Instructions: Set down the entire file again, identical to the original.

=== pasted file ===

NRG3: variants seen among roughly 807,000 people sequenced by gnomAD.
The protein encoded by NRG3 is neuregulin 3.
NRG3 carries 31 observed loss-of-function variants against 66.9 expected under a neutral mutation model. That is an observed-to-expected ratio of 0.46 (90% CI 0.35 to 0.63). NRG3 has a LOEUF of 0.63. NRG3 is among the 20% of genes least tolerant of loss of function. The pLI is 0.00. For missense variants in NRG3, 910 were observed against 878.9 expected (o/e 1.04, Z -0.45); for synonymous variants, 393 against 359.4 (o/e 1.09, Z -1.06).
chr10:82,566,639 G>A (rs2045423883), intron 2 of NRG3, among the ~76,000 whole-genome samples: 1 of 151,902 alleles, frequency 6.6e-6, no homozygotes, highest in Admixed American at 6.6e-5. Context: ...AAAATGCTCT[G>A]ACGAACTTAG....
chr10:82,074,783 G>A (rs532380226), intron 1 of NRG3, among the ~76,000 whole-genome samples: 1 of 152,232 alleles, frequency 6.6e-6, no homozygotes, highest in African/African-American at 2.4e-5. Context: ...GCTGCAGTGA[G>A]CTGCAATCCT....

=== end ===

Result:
NRG3: variants seen among roughly 807,000 people sequenced by gnomAD.
The protein encoded by NRG3 is neuregulin 3.
NRG3 carries 31 observed loss-of-function variants against 66.9 expected under a neutral mutation model. That is an observed-to-expected ratio of 0.46 (90% CI 0.35 to 0.63). NRG3 has a LOEUF of 0.63. NRG3 is among the 20% of genes least tolerant of loss of function. The pLI is 0.00. For missense variants in NRG3, 910 were observed against 878.9 expected (o/e 1.04, Z -0.45); for synonymous variants, 393 against 359.4 (o/e 1.09, Z -1.06).
chr10:82,566,639 G>A (rs2045423883), intron 2 of NRG3, among the ~76,000 whole-genome samples: 1 of 151,902 alleles, frequency 6.6e-6, no homozygotes, highest in Admixed American at 6.6e-5. Context: ...AAAATGCTCT[G>A]ACGAACTTAG....
chr10:82,074,783 G>A (rs532380226), intron 1 of NRG3, among the ~76,000 whole-genome samples: 1 of 152,232 alleles, frequency 6.6e-6, no homozygotes, highest in African/African-American at 2.4e-5. Context: ...GCTGCAGTGA[G>A]CTGCAATCCT....